and functional for
what you'll be doing? If you'll be climbing a lot, at least try them out
on some plowed up snow piles - or better yet - out on a mountain! Will they be versatile
enough for the different types of snowshoeing you want to do? While most designs
can be used for a variety of snowshoeing activities, some are more specific and
perform well on a groomed or packed surface.
Once the decision is made on a style of snowshoe, the big choice left is ... what size? Most
size recommendations for snowshoes today are pretty similar.
However, one thing
to consider is that there may some difference in the amount of surface area between a
teardrop snowshoe and a bearpaw snowshoe that has the same
For that reason, I prefer to choose snowshoes according to the amount of surface area
of each snowshoe. Since few manufacturers list the
surface area though, the following
guidelines may be helpful.
For average snowshoeing where a high proportion of time is spent on a broken out or
groomed trail, and a smaller percentage is in the fresh snow, an 8" by
25" snowshoe with
about 170 sq. in. of surface area is fine for folks weighing up to 170 pounds, a 9" by 30"
snowshoe with at least 220 sq. in. to about 220
pounds, and a 10" by 36" with about 275
sq. in. to about 275 pounds. If you like to explore and most of your time is spent breaking
trail, then you'll want to add your
average pack weight to your body weight when choosing
a size. And, if most of your time is spent snowshoeing in light powder snow conditions,
you may also want to
step up a snowshoe size. For climbing and mountaineering conditions
a person may opt to stay with a smaller snowshoe because of the increased
and traction. Those are tradeoffs that are best decided after you've had some snowshoeing
experiences in the mountains with a winter pack on your back.
For the most enjoyable
snowshoeing experience overall, remember to choose the smallest pair of snowshoes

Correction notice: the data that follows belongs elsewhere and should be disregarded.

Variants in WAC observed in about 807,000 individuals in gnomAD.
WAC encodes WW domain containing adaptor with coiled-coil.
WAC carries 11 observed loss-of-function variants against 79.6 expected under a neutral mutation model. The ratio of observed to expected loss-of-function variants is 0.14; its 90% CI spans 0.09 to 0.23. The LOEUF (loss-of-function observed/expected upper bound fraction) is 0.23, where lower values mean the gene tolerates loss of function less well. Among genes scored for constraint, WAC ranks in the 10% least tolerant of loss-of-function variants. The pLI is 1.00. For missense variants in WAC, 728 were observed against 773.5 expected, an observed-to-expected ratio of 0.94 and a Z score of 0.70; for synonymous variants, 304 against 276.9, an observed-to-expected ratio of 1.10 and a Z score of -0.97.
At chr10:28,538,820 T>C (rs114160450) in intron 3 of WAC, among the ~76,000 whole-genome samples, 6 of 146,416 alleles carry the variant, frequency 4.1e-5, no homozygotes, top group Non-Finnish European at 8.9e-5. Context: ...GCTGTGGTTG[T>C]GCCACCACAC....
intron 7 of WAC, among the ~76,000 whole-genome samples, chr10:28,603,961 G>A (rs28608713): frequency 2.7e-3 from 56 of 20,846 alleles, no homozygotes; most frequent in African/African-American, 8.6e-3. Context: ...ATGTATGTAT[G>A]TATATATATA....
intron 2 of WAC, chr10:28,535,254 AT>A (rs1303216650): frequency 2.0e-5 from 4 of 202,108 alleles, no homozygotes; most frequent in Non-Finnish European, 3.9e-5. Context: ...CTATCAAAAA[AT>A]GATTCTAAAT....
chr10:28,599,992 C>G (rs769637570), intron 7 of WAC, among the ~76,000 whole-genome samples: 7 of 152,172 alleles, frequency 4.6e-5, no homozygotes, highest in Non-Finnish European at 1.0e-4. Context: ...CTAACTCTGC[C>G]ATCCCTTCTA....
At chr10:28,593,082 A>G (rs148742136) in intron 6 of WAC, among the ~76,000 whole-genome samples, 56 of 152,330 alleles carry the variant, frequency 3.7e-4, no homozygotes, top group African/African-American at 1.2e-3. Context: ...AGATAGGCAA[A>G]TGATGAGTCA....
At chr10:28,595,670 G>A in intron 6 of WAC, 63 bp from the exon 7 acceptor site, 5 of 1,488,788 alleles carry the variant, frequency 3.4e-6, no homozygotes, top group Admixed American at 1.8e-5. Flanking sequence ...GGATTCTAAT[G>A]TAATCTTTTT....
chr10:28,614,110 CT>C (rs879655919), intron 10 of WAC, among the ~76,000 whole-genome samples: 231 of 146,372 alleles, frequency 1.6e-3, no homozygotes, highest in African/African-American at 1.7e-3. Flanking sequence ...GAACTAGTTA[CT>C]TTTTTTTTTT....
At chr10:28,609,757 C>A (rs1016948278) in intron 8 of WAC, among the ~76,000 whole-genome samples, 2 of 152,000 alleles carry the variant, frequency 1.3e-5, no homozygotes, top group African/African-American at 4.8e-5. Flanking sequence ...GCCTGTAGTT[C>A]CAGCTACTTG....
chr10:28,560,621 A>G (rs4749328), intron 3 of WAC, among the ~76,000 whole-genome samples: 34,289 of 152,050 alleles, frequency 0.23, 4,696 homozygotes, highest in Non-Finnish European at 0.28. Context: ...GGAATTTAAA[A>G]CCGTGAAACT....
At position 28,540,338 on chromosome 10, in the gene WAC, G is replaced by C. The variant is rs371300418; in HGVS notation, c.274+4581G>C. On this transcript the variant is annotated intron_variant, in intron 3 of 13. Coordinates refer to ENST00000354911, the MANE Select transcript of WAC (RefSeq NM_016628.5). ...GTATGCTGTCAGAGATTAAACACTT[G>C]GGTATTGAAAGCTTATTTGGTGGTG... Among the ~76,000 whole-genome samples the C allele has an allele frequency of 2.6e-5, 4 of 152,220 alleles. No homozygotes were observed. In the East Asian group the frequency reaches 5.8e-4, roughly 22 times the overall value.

that accommodates the majority of your needs.
One of the best ways to compare different designs and sizes is to put one snowshoe on
one foot, and a different one on the other foot, so you can make more
of the two snowshoes in the same snow conditions. Then it's important to try the snowshoes
you've chosen as a pair to see how well they'll
work together. Borrow or rent some snowshoes
in addition to gathering advice from others, or attend a good snowshoeing clinic that
allows you to try out a
number of different snowshoes from different manufacturers.
A well selected pair of snowshoes should last a lifetime with normal use, so a careful choice
the beginning can help pay off years down the road.
I still feel that the biggest attraction of snowshoeing is it's simplicity. Snowshoeing
is the easiest way for folks of all ages to enjoy a winter
snowfall whether walking, running,
jumping, or climbing! Snowshoeing can be as easy or as rigorous as you like, and compared
to some other winter activities,
it's gentle on the body's muscles and joints. Snowshoes
are also fun to use on many different snow conditions. To get started in the sport, a good
workshop may be helpful, but lessons aren't necessarily needed... If you
can walk, then you can snowshoe!
Over the many years that I've been snowshoeing, I've found it's one of the best ways
for me to get out every winter to exercise and explore. Each time I go
out I find a sense of
peace and freedom in the woods that helps revive the spirit of youth that's inside each
of us... See you in the snow!